June 25 I Monday
“Stop bringing meaningless offerings! Your incense is detestable to me. New Moons, Sabbaths and convocations—I cannot bear your worthless assemblies.” —Isaiah 1:13
The diagnosis of Israel’s sin was that they had forsaken God and turned their backs on Him. The prophet Isaiah tells the people that their sacrifices, temple visits, festivals and prayers are meaningless and detestable to God (Isaiah 1:11-15). These rituals were ordained by God but had become empty and fruitless as they were only adhered to out of obligation.
The Old Testament rituals were designed to reconcile the people to God. The offering of the blood of bulls, goats and lambs demonstrated the holiness of God, the sinfulness of humanity, and the people’s need for being made right before God. The Israelites should have recognized that their sacrifices were a ritual meant to restore fellowship, but the rituals had come to replace the reality. Their concern was not a relationship with God but that they turned up at the temple with the right animal on the right day and said the right words.
The Old Testament rituals became redundant with Christ, but there are still two rituals ordained by God that point us to fellowship with Him. There is the Lord’s Supper, where Jesus established communion. Matthew 26:26-28 says, “While they were eating, Jesus took bread…broke it and gave it to His disciples, saying, ’Take and eat; this is My body.’ Then He took a cup, and when He had given thanks, He gave it to them, saying ‘Drink from it, all of you. This is My blood of the covenant, which is poured out for many for the forgiveness of sins.’” We regularly partake of the Lord’s Supper because it reminds us of our ongoing need for cleansing and renewal of our communion with Christ.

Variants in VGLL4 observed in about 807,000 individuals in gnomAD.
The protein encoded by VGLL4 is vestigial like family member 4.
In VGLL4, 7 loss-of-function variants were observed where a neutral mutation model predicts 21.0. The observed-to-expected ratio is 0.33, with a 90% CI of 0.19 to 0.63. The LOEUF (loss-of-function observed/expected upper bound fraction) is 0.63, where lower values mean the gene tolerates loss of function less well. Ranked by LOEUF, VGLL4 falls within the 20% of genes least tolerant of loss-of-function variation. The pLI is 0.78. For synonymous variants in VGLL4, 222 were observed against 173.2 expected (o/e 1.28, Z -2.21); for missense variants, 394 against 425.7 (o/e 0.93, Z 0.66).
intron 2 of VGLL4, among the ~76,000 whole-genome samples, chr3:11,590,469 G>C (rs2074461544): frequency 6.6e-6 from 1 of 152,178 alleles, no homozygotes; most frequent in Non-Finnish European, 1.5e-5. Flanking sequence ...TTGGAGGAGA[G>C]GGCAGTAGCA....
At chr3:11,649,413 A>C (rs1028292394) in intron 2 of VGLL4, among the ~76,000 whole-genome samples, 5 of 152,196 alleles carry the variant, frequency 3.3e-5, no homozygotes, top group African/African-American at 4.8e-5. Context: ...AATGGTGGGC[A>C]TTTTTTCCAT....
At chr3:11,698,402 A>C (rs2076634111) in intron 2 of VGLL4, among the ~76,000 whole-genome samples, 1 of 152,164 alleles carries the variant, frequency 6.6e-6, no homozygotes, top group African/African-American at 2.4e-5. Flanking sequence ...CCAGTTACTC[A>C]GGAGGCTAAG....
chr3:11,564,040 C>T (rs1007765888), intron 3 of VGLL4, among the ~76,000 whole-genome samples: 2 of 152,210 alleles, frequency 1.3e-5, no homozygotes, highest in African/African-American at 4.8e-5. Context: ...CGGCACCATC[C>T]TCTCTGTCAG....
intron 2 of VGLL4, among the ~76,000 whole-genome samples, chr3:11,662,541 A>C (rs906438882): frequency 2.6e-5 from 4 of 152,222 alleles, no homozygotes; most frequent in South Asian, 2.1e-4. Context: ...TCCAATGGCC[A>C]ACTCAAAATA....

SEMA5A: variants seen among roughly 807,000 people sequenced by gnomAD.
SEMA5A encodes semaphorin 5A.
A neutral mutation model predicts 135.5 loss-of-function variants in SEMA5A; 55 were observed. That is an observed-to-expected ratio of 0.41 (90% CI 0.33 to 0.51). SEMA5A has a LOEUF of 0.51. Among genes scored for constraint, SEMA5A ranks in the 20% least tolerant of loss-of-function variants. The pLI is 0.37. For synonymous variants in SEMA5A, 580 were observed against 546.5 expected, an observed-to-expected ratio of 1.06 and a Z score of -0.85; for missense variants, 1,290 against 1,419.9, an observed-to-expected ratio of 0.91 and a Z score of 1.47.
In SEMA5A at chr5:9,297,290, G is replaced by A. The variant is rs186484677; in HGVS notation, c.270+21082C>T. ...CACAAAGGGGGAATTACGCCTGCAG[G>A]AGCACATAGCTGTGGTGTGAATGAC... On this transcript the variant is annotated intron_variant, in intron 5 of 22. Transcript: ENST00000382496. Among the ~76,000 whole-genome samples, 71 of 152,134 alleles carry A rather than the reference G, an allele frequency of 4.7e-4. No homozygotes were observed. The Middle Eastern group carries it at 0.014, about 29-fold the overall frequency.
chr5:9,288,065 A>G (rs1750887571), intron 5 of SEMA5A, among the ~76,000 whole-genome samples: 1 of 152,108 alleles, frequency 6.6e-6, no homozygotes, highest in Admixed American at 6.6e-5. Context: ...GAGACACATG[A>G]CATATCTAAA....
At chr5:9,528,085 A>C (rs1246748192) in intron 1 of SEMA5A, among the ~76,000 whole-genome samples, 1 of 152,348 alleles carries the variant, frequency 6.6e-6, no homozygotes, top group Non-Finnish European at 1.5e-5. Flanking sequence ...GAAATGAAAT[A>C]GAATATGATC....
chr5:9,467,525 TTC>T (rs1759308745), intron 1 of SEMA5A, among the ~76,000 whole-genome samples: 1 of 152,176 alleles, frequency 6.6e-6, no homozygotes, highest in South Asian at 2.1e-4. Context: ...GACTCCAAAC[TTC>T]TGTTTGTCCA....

Baptism is the other practice Christians partake in. The outward act of baptism is designed to portray the inner spiritual truth and reality of our union with Christ. It conveys a beautiful picture of identification with Christ in His death, burial and resurrection. It is not something in addition to the Gospel, but a portrayal of the Gospel. Baptism and communion are outward physical acts that express inward spiritual experience, but are not what makes us a Christian.
Rituals are not an end in themselves, but are designed to bring us into deeper fellowship with Christ. If we are not in a loving, committed relationship with Him, the all-important issue becomes, “Have I been baptized? Have I received communion lately?” Detached from their purpose, these practices are void of spiritual experience, and God not only rejects them, but detests them. It is wonderful to partake in communion, and as commanded by Jesus in the Great Commission, every Christian should be baptized, but the all-important thing must remain nurturing our relationship with Christ.
Prayer: Heavenly Father, thank You for instituting baptism and Communion, but even more for the beautiful portrayal and remembrances they are of the life You have offered through Your Son, in whose name I pray.